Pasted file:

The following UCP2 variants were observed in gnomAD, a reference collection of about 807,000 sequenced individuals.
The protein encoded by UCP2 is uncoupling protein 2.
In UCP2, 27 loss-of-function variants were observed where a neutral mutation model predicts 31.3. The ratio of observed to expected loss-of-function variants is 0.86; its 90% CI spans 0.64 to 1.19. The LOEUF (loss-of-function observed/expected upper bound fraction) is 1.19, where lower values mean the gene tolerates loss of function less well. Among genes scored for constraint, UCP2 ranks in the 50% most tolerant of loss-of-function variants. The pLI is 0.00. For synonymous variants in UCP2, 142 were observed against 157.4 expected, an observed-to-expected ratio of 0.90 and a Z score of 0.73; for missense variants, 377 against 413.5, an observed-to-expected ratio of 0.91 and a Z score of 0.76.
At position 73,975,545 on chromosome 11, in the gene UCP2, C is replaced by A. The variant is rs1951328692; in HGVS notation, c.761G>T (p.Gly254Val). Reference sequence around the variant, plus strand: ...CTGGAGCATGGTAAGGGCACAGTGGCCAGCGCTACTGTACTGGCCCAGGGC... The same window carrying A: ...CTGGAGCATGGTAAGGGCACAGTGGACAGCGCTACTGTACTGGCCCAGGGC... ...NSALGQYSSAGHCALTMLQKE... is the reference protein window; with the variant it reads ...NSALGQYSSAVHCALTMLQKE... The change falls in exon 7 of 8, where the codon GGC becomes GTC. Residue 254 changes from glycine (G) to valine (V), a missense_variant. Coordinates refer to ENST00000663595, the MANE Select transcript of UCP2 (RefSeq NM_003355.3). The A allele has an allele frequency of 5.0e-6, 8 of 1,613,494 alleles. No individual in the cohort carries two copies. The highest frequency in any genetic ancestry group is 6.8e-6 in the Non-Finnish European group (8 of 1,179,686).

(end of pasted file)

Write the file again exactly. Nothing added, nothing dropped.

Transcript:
The following UCP2 variants were observed in gnomAD, a reference collection of about 807,000 sequenced individuals.
The protein encoded by UCP2 is uncoupling protein 2.
In UCP2, 27 loss-of-function variants were observed where a neutral mutation model predicts 31.3. The ratio of observed to expected loss-of-function variants is 0.86; its 90% CI spans 0.64 to 1.19. The LOEUF (loss-of-function observed/expected upper bound fraction) is 1.19, where lower values mean the gene tolerates loss of function less well. Among genes scored for constraint, UCP2 ranks in the 50% most tolerant of loss-of-function variants. The pLI is 0.00. For synonymous variants in UCP2, 142 were observed against 157.4 expected, an observed-to-expected ratio of 0.90 and a Z score of 0.73; for missense variants, 377 against 413.5, an observed-to-expected ratio of 0.91 and a Z score of 0.76.
At position 73,975,545 on chromosome 11, in the gene UCP2, C is replaced by A. The variant is rs1951328692; in HGVS notation, c.761G>T (p.Gly254Val). Reference sequence around the variant, plus strand: ...CTGGAGCATGGTAAGGGCACAGTGGCCAGCGCTACTGTACTGGCCCAGGGC... The same window carrying A: ...CTGGAGCATGGTAAGGGCACAGTGGACAGCGCTACTGTACTGGCCCAGGGC... ...NSALGQYSSAGHCALTMLQKE... is the reference protein window; with the variant it reads ...NSALGQYSSAVHCALTMLQKE... The change falls in exon 7 of 8, where the codon GGC becomes GTC. Residue 254 changes from glycine (G) to valine (V), a missense_variant. Coordinates refer to ENST00000663595, the MANE Select transcript of UCP2 (RefSeq NM_003355.3). The A allele has an allele frequency of 5.0e-6, 8 of 1,613,494 alleles. No individual in the cohort carries two copies. The highest frequency in any genetic ancestry group is 6.8e-6 in the Non-Finnish European group (8 of 1,179,686).